"Like the manufacturing sector, which again shrank in November, construction is highly reliant on economic certainty and, as we all know, that has been in short supply, particularly in the second half of this year.
"Admittedly, there was some sign of improvement in that the slowdown in the construction sector eased to its slowest pace in four months in November but the fact that the two largest contributions to the fall in output came from civil engineering and commercial construction is troubling.
"The latest construction PMI data is unlikely to provide any real comfort given, like manufacturing, the sector remains well and truly in the grip of a recession. All the UK needs now is for the service sector to continue to shrink and the economic rout will be complete.
"There's nothing particularly new in the latest data. Brexit uncertainty is continuing to drain the life out of the construction industry with new orders still falling due to a lack confidence, making it inevitable that contractors are holding off replacing staff that are leaving and trying to cut costs wherever possible. And, of course, none of this is being helped by the general election.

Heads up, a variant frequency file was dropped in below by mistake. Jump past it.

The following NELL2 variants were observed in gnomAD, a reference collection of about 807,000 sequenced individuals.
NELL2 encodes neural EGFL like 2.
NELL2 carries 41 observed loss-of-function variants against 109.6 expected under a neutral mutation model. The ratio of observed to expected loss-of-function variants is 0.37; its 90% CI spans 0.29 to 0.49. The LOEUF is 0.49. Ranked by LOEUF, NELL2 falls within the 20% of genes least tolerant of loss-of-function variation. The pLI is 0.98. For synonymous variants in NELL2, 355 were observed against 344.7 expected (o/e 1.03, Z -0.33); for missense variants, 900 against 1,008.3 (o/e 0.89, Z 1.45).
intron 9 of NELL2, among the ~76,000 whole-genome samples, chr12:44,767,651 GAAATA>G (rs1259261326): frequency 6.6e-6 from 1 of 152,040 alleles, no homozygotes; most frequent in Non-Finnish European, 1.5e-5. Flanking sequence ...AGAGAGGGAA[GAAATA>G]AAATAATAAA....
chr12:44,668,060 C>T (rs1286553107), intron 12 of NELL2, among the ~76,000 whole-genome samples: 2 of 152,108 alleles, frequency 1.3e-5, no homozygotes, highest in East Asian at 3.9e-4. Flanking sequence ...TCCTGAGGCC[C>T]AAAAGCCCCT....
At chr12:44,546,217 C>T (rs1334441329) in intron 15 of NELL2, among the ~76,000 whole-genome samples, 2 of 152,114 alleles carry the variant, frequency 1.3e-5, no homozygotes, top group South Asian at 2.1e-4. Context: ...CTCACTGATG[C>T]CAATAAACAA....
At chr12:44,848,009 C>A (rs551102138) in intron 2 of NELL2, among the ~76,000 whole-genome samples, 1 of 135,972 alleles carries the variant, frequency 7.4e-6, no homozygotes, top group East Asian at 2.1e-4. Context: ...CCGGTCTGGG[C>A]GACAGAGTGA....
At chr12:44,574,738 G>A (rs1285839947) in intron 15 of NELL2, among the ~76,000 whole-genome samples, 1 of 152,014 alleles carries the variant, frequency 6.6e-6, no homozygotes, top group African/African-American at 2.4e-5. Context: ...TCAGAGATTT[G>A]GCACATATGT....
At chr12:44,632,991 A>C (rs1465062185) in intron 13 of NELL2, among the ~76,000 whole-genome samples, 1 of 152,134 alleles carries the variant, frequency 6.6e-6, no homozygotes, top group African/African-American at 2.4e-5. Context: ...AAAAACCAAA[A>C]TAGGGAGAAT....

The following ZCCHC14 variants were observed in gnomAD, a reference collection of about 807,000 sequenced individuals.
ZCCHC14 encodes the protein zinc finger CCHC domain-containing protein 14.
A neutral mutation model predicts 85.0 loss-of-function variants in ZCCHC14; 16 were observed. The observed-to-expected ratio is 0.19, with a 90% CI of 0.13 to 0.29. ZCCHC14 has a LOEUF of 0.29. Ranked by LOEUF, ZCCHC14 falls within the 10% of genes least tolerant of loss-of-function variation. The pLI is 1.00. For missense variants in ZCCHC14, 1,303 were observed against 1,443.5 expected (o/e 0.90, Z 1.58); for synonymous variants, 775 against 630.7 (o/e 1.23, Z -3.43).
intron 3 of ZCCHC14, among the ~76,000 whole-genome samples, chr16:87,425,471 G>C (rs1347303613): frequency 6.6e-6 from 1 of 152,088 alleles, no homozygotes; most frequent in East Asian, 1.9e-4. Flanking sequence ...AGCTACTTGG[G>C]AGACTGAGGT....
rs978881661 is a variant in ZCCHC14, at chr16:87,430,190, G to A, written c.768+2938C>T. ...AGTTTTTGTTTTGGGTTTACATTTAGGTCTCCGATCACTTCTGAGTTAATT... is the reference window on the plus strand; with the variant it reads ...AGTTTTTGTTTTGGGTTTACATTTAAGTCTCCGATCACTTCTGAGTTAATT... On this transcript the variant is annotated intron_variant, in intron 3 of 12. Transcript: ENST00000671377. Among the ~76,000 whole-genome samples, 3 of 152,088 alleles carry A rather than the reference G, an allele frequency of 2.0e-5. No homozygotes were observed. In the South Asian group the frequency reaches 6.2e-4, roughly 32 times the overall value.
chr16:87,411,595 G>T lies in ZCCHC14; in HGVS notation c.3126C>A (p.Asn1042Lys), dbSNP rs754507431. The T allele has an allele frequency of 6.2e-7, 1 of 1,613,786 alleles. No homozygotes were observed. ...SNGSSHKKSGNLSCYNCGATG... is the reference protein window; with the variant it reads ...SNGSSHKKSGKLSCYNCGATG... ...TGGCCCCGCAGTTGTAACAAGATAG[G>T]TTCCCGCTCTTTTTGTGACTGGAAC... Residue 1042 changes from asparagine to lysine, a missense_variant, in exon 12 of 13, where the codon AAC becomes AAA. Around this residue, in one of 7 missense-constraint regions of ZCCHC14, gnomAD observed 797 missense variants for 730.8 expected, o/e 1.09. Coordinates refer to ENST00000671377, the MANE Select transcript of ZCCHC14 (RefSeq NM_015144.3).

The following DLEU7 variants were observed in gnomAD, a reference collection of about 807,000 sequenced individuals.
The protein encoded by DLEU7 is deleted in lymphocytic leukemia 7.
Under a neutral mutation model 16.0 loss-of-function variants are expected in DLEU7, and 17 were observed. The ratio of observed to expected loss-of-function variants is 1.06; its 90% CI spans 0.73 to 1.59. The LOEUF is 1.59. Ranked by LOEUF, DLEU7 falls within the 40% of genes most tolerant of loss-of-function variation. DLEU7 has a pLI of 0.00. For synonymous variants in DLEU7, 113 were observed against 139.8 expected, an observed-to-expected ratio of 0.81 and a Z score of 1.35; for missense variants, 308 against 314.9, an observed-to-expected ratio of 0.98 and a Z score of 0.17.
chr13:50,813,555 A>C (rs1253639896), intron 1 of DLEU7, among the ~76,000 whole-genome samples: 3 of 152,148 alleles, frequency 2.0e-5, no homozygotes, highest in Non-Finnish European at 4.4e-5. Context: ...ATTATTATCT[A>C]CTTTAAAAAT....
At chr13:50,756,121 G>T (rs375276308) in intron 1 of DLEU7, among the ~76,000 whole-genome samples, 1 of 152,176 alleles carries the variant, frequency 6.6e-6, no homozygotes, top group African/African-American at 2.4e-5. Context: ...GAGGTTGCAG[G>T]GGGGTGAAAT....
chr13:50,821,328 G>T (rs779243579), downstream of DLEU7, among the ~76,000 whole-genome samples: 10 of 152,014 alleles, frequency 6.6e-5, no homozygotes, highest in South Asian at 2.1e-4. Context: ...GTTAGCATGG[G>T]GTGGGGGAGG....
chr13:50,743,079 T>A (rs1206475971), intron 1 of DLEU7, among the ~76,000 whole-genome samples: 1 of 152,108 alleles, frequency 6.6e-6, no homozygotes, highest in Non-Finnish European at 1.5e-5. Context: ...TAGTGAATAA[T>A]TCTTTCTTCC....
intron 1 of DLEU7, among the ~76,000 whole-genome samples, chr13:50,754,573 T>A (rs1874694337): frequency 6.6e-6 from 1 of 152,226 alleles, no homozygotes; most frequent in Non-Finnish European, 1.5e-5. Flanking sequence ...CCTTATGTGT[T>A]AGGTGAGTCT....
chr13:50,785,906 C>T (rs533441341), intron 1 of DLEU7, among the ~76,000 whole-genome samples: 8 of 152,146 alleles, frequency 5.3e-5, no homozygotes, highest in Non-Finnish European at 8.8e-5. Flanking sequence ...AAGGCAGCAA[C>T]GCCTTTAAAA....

"All the main political parties have made promises on infrastructure spending and solving the housing crisis but we've been here before many times and the reality is, even if the next government does give the construction industry a massive shot in the arm, the sector itself might then struggle to meet demand. As an industry, construction has relied for many years on builders from other parts of the European Union (EU), now it has a shortage of qualified bricklayers. Until the Brexit question is resolved not much will change. That could take most of next year regardless of who wins the election, so building contractors are should brace themselves for yet another bumpy year."